Shop floor shuffle

While the IT retail market is booming across the Middle East, vendors, retail distributors and the retailers themselves are not enjoying the margins they could — and should — be making.

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By  Stuart Wilson Published  March 2, 2004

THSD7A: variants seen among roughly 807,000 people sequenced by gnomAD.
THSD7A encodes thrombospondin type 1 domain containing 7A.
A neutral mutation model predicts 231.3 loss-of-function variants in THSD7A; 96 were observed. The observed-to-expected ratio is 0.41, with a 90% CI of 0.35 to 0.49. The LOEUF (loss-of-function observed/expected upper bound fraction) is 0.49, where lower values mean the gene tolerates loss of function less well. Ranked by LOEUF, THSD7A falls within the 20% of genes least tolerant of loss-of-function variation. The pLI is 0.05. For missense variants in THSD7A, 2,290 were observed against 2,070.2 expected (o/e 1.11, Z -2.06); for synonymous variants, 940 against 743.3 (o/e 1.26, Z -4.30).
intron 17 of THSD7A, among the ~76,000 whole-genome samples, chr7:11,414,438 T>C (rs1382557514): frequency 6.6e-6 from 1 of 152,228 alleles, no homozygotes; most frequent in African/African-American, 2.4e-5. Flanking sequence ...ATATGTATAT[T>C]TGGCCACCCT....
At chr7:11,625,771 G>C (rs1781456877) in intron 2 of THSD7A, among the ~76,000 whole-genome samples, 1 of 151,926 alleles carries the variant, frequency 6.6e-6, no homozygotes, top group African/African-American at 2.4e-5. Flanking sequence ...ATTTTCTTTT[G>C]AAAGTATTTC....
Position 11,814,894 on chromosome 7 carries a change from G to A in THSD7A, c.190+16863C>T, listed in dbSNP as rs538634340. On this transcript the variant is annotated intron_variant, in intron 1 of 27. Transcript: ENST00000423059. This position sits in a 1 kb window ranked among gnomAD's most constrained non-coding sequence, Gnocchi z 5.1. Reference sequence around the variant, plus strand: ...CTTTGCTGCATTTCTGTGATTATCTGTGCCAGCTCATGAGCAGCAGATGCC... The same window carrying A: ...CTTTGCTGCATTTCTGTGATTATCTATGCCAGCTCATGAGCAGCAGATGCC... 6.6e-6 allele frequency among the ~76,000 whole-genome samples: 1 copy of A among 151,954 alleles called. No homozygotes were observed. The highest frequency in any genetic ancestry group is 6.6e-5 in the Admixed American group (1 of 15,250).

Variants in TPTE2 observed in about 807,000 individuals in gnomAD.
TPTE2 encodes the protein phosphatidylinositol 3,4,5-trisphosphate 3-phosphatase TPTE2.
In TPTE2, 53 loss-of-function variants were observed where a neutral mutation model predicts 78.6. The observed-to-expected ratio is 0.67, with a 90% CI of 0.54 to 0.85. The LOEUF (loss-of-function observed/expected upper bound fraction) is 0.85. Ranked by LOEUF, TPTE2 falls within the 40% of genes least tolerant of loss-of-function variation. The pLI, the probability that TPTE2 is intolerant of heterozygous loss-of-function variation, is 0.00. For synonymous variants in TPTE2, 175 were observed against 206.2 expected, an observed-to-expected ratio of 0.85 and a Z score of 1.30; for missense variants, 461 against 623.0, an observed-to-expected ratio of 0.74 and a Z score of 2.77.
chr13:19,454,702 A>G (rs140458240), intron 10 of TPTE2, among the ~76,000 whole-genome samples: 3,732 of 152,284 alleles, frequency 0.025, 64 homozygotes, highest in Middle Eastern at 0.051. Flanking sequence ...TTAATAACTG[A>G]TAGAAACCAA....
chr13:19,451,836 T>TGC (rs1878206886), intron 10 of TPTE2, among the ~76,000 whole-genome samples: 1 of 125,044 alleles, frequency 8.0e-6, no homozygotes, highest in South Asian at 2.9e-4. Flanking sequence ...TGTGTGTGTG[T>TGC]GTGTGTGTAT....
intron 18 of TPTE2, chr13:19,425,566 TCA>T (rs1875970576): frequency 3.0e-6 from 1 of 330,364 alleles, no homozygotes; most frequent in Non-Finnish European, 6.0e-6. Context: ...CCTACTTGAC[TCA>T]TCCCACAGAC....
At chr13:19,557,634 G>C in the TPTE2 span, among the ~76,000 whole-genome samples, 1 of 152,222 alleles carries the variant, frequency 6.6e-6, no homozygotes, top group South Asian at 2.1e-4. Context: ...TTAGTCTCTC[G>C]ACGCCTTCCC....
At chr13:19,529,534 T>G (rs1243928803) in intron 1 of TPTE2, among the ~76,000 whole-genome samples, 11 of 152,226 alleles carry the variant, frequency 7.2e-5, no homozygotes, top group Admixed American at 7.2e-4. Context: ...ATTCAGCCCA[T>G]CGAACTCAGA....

Shop floor shuffle|~|Leilaweb.gif|~|Leila Fakih, consumer sales manager, HP Middle East|~|The Middle East IT retail channel is ready for a radical structural overhaul. Expect a cleaner separation of distribution activities from retail operations as the market matures. The emergence of regional retail powerhouses will pave the way for closer links with A-brand vendors aimed at improving both sides’ profitability. Let’s go shopping. The retail IT channel consists of two main elements: firstly a product channel of vendors selling to distributors who then sell onto retailers; and secondly - and most vitally - a direct marketing, branding, promotion, rebate and incentive relationship between the vendor and the retailers. To be successful, vendors need to pay attention to both parts of this model. “As a vendor, it is important that you sustain an in-country focused team to work alongside the retailer in planning promotions, setting up stands & hiring in-store promoters,” surmises Leila Fakih, consumer sales manager at HP Middle East. “HP is expanding its network as the market growth justifies it.” It is a view echoed by other vendors selling through IT retailers. “Regardless of the size of a retailer, we see direct engagement as a vital part of the relationship,” explains Philip Ashkar, director sales and marketing at Acer Middle East. “Acer is heavily involved with branding and merchandising activities in stores.” “The financing and logistics of product sold into retail is handled by distributors,” adds Manish Bakshi, director and chief operating officer at BenQ Middle East, “BenQ also works closely with large retailers. We rent shelf spacing in stores like Plug-Ins, use in-store promoters and run back-end rebate schemes for the retailer. These initiatives are often accompanied by special pricing policies to help the retailer's margin.” The power wielded by back-end rebate schemes offered by vendors to retailers has grown in recent years. Often this is the only area where the retailer makes any margin. It is also the only area where vendors can make their brand more compelling to retailers. “The actual purchase price is no longer a real differentiator in the market,” says Ashkar, highlighting a trend that afflicts the entire IT channel and not just retail. “Products from different vendors have similar specifications and similar prices. The way to stand out is through partner engagement, go-to-market models and value-added services. Part of this involves looking carefully at back-end rebates and cash incentives.” “Margins are wafer thin in IT retail,” comments Soni Tolani, executive director at Jacky's Electronics. “Jacky's success is based on the volume of product we sell. Many large global IT retailers are talking about entering the Middle East market and I anticipate a couple starting up. They will need to do their homework and understand that in some countries, it is already a very competitive market.” Competition between vendors to offer retailers the best incentive schemes is intense. Even then, much depends on whether retail managers filter the bottom line benefits of pushing one vendor over another to their shop floor staff. “If we have hired a BenQ promoter, we can offer that person direct back end incentives,” says Bakshi. “Other schemes are run through the store management who make a judgement on whether or not this should be communicated to sales staff on the floor. Vendors can come up with any scheme, but are not allowed to offer it directly to retail staff.” For retailers, keeping a close eye on incentive schemes is a day-to-day task. Most are adamant that vendors are not permitted to directly incentivise shop floor sales staff. “It is something we do not allow,” explains Scott McKay, general manager at Plug-Ins Electronix. “Any monetary reward to sales staff is controlled by management. It is important to be honest with the customer, and whilst we appreciate vendor incentives, we stay in control of sales staff.” “We do not encourage direct incentives for sales staff,” adds Arvind Agrawal, general manager IT group at Jumbo Electronics. “We don’t want our staff to be biased to one vendor and want to drive our own strategy.” Vendors looking to bypass this management control - and there have been instances in the Middle East - are often dealt short shrift by retailers. “If we are made aware that direct incentives are being offered to sales staff without our knowledge, we will discontinue that vendor in our stores,” declares Shaun Sullivan, purchasing director at Plug-Ins. “Honesty, integrity and business ethics are important and we run internal incentive schemes to motivate sales staff.” Whilst most major IT retail chains are adamant that sales staff cannot be incentivised by vendors, it is not a universal truth. “Some retailers accept it but it depends on their business model and policy,” admits Fakih at HP. “For those that do, HP offers regular rebate initiatives but no permanent schemes and only on specific campaigns for a limited time.” “As a vendor you always have to look at different ways to drive the business,” adds Ashkar. “We are in talks with one major retailer about incentives for sales staff. All our competitors are offering similar incentive schemes so it is important that we do as well.” ||**||Cash for ads|~|Jumboweb.gif|~|Arvind Agrawal, general manager IT group, Jumbo|~|Vendor cash talks to retailers in a variety of other ways as well. Marketing funds allocated for joint advertising campaigns and promotions are the spark that keeps the vendor-retailer relationship alive. “HP runs campaigns with the majority of its retailers,” says Fakih at HP. “Most are done on a cost-sharing basis and aim to increase the number of customers visiting stores. Regular promotions fuel the retail business.” Campaigns aimed at the consumer market can be vendor-focused or retailer-focused. “BenQ sometimes runs adverts with lists of its retail stockists underneath,” says Bakshi at BenQ. “This is because there are not many retailers that stock our entire range of products. Sometimes we will do specific adverts that focus on a specific part of the BenQ range in close co-operation with a few retailers.” Gaining access to the honey pot of advertising money held by vendors is vital to a retailer's success. It is also an area that courts controversy in the retail sector. “Vendors that run their own ads may put the names of retailers at the bottom,” says Dikram Tchablakian, CEO at CompuME. “Often you need a microscope to read them. They need to remember the aim is the consumer market and not the corporate customer. The consumer needs to know the product, price and place they can buy it.” McKay at Plug-Ins also draws attention to advertising money supplied by vendors: “One challenge we have is getting access to cash from principal vendors for advertising. Sometimes, it is because we are a pure retailer and not a distributor as well. The concern is that sometimes distributors with a retail chain will use funds allocated to develop their distribution business to promote their retail business. Vendors need to focus more on working with pure retailers on consumer-focused campaigns that drive store traffic.” “Some distributor adverts put their logo, phone number and address on the page,” continues Sullivan. “The advert should connect the consumers to all the retailers that stock the product, not just the distributor's.” Expect companies operating as both distributors and retailers to separate these activities as the IT retail market matures in the Middle East. Jumbo - a major player in both areas - actually sees disadvantages in having both operations welded together. “Jumbo retail does not have an advantage because of Jumbo distribution,” explains Agrawal. “It is constrained by Jumbo's distribution agreements. I would love to put Toshiba in Jumbo retail outlets but this is not possible because of our distribution agreement with vendors like HP and Acer. Jumbo retail cannot undercut the other retailers our distribution arm sells to, so we have to find value-add services that justify our retail prices.” Surprisingly, third party retailers may actually be in a position to negotiate better prices with Jumbo distribution than its own retail arm. “The retail arm helps the distribution arm,” explains Agrawal. “It can position certain products and create demand through its retail marketing machine. Jumbo retail is actually constrained by purchasing only from Jumbo distribution. That is the situation today but may not be in the future and we are discussing the separation of the two arms. With HP, the separation has occurred and Jumbo retail is treated like any other.” Put simply, when Jumbo distribution wants to sell some poorly performing SKUs, Jumbo retail is the logical vehicle to help clear them off the shelves. This is not a beneficial model for the retailer. Longer-term, Jumbo retail could start purchasing from multiple distributors. This separation of distribution from retailers is a classic sign of a maturing IT retail channel. In the Middle East, evolution of IT retail is also evident through the numerous types of IT retailer that now exist. “There's a growing number of retailers and the nature of their business models is also changing,” explains Fakih. “Prominent European retailers have come into the market and are expanding across the region. Existing retailers are also expanding their presence and opening up new franchises.” ||**||Retail choice|~|scottweb.gif|~|Scott McKay, general manager, Plug-Ins Electronix|~|The choice of retail experience is certainly now in place for IT consumers — especially in the UAE: a customer can pick up a PC with groceries at a generalist like Carrefour; pop into a mall-based retailer like Plug-Ins as part of a family day out; visit one of the traditional high street chains; drive to one of CompuME's destination stores, or even check out one of the small independent retailers in Computer Plaza. These categories will be replicated in other countries across the Middle East as markets develop. Expect the generalists, mall-based players and destination stores to make life tough for independents in the future. Each category requires a different form of engagement from vendors. “In a small independent retailer, the owner does not want us to incentivise his sales staff,” says Ashkar at Acer. “He wants bonuses and rebates paid directly to him. When you talk to large retailers you have to be involved with them at every level. Carrefour focuses on a limited number of products at an aggressive price and uses high volumes to offset low margins and supplements this model by upselling accessories.” Tchablakian adds: “CompuME is the only specialist IT retailer. Others are general electronics stores with higher product volumes and a mix of products that allows them to achieve better margins. Many vendors still try and use one channel model to fit all retailers. There has to be a plan whereby vendors work in a manner that serves the specific needs of each retailer. This does require more effort but it will allow vendors to exert more control over pricing through stock control measures.” “Vendors need to focus on working with the right number of retailers who actually add value,” says Agrawal. “In some cases there is over-distribution to retailers not adding value. This is dangerous because it will hurt the players who are adding value. Retail prices for laptops dropped 30% in the fourth quarter in the UAE... There was never enough margin to support such a drop and this is where some vendors have acted irresponsibly. Some started selling loss leaders, other vendors were forced to follow and now it is tough on everyone.” “Retail margins are even lower here than in established markets like Europe,” concludes McKay. “That means there is something wrong with the model. The margin that distributors make will reduce as they evolve from holding houses to logistics experts. Inappropriate advertising spend by vendors may be better spent helping retail margins. Some of the power vendors are having a tough time making money in retail at the moment.” Whilst some A-brands wield considerable brand equity in the retail environment — think Acer, Dell, FujitsuSiemens, HP, Toshiba and Sony in the notebook space for starters — even they are locked in a fierce price battle. For the consumer considering buying an A-brand, they are all roughly equal in his estimation, making brand loyalty a minor factor. “For large retailers, stocking the power brands is still vital because of their reputation,” says Tchablakian. “It also means that without a dominant retailer in the market, there is little to control their channel structure.” New vendors are flocking to the Middle East retail market in droves with large retailers approached every single day. “I change my mobile phone number every month,” quips Sullivan at Plug-Ins referring to the number of vendors wanting to sell into Plug-Ins stores. The crème-de-la-crème of the local assembly market are also starting to make their presence felt in the IT retail space. Local PC vendor DCS is currently in the process of signing deals with major retail chains. “It is difficult for local assemblers to build these channels,” admits Samer Bayrakdar, director at DCS. “There was always an issue about the perception of quality but this is changing.” Merchandising and in-store assistance is one of the main areas where vendors can add value to their retailer partnerships — and help their own retail positioning. “Some vendors come and make sure their products are properly displayed,” says Solani. “This plays a vital role in the stores.” In-store promoters and training sessions for retail sales staff also help vendors build a symbiotic relationship with the shops stocking their kit. All major vendors take a pro-active role in these activities. “How you capture mind share at store level is a vital skill,” says Fakih. “In this sense HP operates like a fast-moving consumer goods company. We're also exploring the store-in-store concept where sections are dedicated to HP products.” Retailers appreciate these efforts, but what they really want is for vendors to focus more on the type of retailer they are dealing with. Rather than emphasising the quantity of retailers their goods are stocked in, a deeper understanding of the quality of the relationship and the margins that can be carved out for both sides is required from vendors. Retail margins should be higher in the Middle East and one way to achieve this is for the power retailers and power vendors to work together more closely. As retail develops, an executive council of power retailers and power vendors is one way for both sides to improve their lot. For vendors, the ability to impose a level of pricing control will prevent loss leaders becoming the norm. The retail land grab has happened; now is the time to build margins. ||**||